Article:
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Spirits higher for Jets after ending losing skid

Tuesday, December 10, 2013 - Updated: 9:20 AM

FLORHAM PARK, N.J. (AP) -- Geno Smith took some razzing from his coaches as they watched film of the New York Jets' victory.

This time, it wasn't for a turnover. It was for the rookie quarterback acting like a tough guy.

"It probably won't happen again," a sheepish Smith said Monday.

It was early in the fourth quarter of the Jets' 37-27 win over the Oakland Raiders when Smith scrambled up the middle on third-and-5 and scampered 32 yards before lowering his shoulder like a running back and taking a hard pop from Brandian Ross.

"It's like, 'Really, kid?"' coach Rex Ryan said. "Again, I think the competitor in you, you love seeing that competitive fight and that competitive fire, but no, you're a quarterback in the National Football League. It's tough enough to stay healthy anyway, let alone putting yourself at that kind of risk, and that was an unnecessary risk, so he has to learn that."

Smith's teammates loved it, even if the coaches would have preferred to see their young quarterback drift out of bounds and avoid the hit.

"It was not so much to send a message, but I just wanted to play hard," Smith said. "Play hard and never back down and I don't think that was a smart thing to do, but in that moment, it's what I did."

It was one of the few missteps by Smith, who also threw his 20th interception, but had his best game in weeks by throwing for a touchdown and running for another as the Jets (6-7) set a season high for points.

With the win, New York kept pace in the playoff race in the AFC.

"Every game's a playoff game for us, man," rookie defensive lineman Sheldon Richardson said. "That's how we have to look at it."

Next up: Cam Newton and the Panthers (9-4) in Carolina next Sunday.

"The spirits are higher, but for me it's the same work week," Smith said. "I'm starting to prepare for Carolina, watching tape on them today and also made some corrections from the previous game and just got back to work as normal, as we always do."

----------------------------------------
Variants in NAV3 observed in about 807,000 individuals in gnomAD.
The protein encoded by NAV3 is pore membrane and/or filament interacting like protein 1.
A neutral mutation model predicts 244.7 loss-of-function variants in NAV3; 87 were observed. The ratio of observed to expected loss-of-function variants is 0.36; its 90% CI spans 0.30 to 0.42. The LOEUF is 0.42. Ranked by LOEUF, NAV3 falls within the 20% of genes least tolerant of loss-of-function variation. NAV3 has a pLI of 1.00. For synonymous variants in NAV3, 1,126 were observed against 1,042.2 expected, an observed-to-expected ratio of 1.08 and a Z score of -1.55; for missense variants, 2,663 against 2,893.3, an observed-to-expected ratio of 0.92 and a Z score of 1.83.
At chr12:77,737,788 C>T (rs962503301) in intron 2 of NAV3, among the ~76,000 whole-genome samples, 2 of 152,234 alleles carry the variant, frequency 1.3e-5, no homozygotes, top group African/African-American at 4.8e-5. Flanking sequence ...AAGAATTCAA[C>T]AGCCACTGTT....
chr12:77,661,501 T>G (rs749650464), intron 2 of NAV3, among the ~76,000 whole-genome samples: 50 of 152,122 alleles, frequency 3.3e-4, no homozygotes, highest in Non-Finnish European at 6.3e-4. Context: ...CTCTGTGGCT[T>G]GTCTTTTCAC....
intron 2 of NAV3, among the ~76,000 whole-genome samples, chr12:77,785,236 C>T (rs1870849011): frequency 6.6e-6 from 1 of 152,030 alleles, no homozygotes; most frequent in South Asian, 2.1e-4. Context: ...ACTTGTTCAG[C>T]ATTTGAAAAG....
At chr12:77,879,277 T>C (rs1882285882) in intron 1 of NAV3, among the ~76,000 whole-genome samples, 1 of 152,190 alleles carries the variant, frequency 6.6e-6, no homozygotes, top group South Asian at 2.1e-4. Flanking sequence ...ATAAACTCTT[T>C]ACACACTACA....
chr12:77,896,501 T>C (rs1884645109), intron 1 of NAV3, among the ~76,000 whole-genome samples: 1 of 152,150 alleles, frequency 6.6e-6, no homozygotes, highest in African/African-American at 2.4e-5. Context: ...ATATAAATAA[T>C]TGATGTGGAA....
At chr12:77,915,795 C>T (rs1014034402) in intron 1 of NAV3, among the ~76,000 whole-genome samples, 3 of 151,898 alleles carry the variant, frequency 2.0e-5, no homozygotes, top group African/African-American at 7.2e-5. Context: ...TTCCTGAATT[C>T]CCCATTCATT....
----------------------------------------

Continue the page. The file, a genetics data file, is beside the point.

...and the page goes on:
The Jets had a bit of a role reversal Sunday, with Marty Mornhinweg's offense making up for an uncharacteristically leaky defense.

"Normally, a big strength of ours is our gap integrity in the run," Ryan said. "Obviously, we had a couple of issues in that, so clearly moving forward that has to be a strength, not a weakness."

New York entered Sunday ranked as the No. 1 defense against the run, but allowed a 63-yard touchdown run to Marcel Reece and gave up 150 yards rushing. The Raiders were down their top three running backs because of injuries, so they had to turn to Reece, their fullback.

He finished with a career-high 123 yards rushing, including the long TD run, and left the Jets' proud run defense -- and defensive line coach Karl Dunbar -- a bit miffed.

"Yeah," Richardson said, "Dunbar's a little hot at us."

The Jets fell from No. 1 to No. 2 overall in run defense, behind their next opponent, the Panthers.

"That long run, it's actually embarrassing anytime you give up a run that long," Ryan said. "Sometimes you can give up a pass that way, you feel bad about it. But, it almost like rips your heart out (when) you give up a run of that distance. That's kind of how we take it."

Ryan raved about how Smith was a true dual threat Sunday, that low shoulder aside, by using his athletic ability to make things happen with his legs when there was nothing there in the passing lanes.

Smith was 16 of 25 for 219 yards passing, and added 50 yards on five carries while running and throwing for touchdowns in the third game this season.

"Marty dialed up a few of those plays where I was able to use my legs more and get outside the pocket and read some plays downfield," Smith said, "but I just think the execution was better overall."

Smith's four rushing touchdowns are the most by a rookie quarterback in team history, and tie him for fifth by a Jets quarterback in a season. The 32-yard run was the third-longest rush by a quarterback in franchise history, behind Al Dorow's 40-yarder in 1961 and a 39-yarder by Joe Namath in 1966.

"Anytime you talk about putting a defense on their heels, when you're throwing it and now all of a sudden you take off with it, it presents a lot to a defense," Ryan said. "Obviously, with this kid we're getting ready to play, Cam Newton is a big, fast kid back there. He's got a great arm too.

"That's going to present problems."

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AP NFL website: http://www.pro32.ap.org

     

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